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We made the example of an adobe oven shown in this article in the first home we built. We had always planned to have a wood-burning fireplace as the heat source for the house. And if you’re going to build a fireplace, you may as well add a couple of steps to make it double up as an oven. That way, whenever you light a fire, you can bake bread, cookies, stew, whatever you feel like. It was such an awesome addition to our home and it only took two weeks to build.




Our fireplace is set in the SE corner of the house and has bench/bookshelves on either side of it, running along the walls. We made the foundation to it at the same time as that of the walls, so it all ties in from the ground up.

The benches have a rock base, adobe brick legs (which we poured in place rather than making the bricks first and then laying them), a wooden frame and seats, and an adobe back.

In between the benches, in the corner, we put an old, metal cabinet drawer. We put plywood around that drawer and then poured wet adobe mud around the plywood. When the mud dried, we removed the plywood. The drawer comes up to the same height as the benches and can slide in and out. It is beneath the hearth and serves as an ash box.


The Oven


Most people, when building an adobe oven, make bricks first and then lay them in the shape they want. We did it a slightly different way.

We made a frame out of rebar and wire, and then covered it with adobe, firing each layer of mud as we went. The frame consisted of the backs of the benches, the main arch of the fireplace (with ledges for the hearth grill and oven shelf built in), and the part that connects to the flue.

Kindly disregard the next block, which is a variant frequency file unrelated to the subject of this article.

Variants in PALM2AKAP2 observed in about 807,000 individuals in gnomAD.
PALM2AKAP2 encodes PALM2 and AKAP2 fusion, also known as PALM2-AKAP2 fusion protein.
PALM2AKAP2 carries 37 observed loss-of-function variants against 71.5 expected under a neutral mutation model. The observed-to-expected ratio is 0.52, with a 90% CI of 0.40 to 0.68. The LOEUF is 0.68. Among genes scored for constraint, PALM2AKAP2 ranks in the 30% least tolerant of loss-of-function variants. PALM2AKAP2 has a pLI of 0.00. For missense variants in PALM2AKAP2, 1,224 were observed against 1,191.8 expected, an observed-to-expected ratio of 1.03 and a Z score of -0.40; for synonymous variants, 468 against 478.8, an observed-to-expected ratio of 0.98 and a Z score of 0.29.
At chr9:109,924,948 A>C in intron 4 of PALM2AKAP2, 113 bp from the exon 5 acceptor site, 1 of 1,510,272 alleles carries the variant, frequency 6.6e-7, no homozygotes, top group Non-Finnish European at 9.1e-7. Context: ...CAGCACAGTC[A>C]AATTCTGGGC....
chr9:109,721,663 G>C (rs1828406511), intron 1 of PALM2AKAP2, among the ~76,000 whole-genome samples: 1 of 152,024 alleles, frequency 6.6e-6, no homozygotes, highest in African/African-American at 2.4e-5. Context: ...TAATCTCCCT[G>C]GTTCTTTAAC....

Air Intake


So that the fire doesn't draw too much air from the warm room, we built in an air-intake. We have an old piece of muffler going through the rock wall of the house, pointing in the direction of our prevailing (and cold) wind.
We then adobed the outside of an air pocket, made out of rebar and wire. This pocket connects to the muffler and then comes out into the hearth.




For the most efficient draw, the area of the flue should not be smaller than 1/8 the area of the mouth. 12” stove pipe is ideal. We took a plum bob from the roof down to the start of the flue to decide where to cut our tin. The stack should be properly sealed to the roof to prevent leaks.

We attached a circular piece of sheet metal to a rebar handle. The disc of metal fits inside the stove pipe and the handle comes out into the room. We use the damper to control the temperature of the oven, once we have a bed of coals. We also keep it closed when we are not using it, to prevent a draft, unless of course a draft is required.


Heat Distribution


As an extra little heating device, we butted metal cans up against a section of single-wall stove pipe. We adobed around them, leaving the open end exposed into the room. They draw heat from stove pipe and send it into the room.




Adobe is so easy to sculpt, and your imagination is the limit.



There is a grill inside, above the fire area. You can cook on this with a fire below. Or you can have a fire, let the oven warm up and then slow cook without a fire burning. We fitted a cast iron barbecue lid as a door, so that we could close up the oven and keep it warm.

For information on mixing adobe, refer to the adobe article in the Building Materials section.



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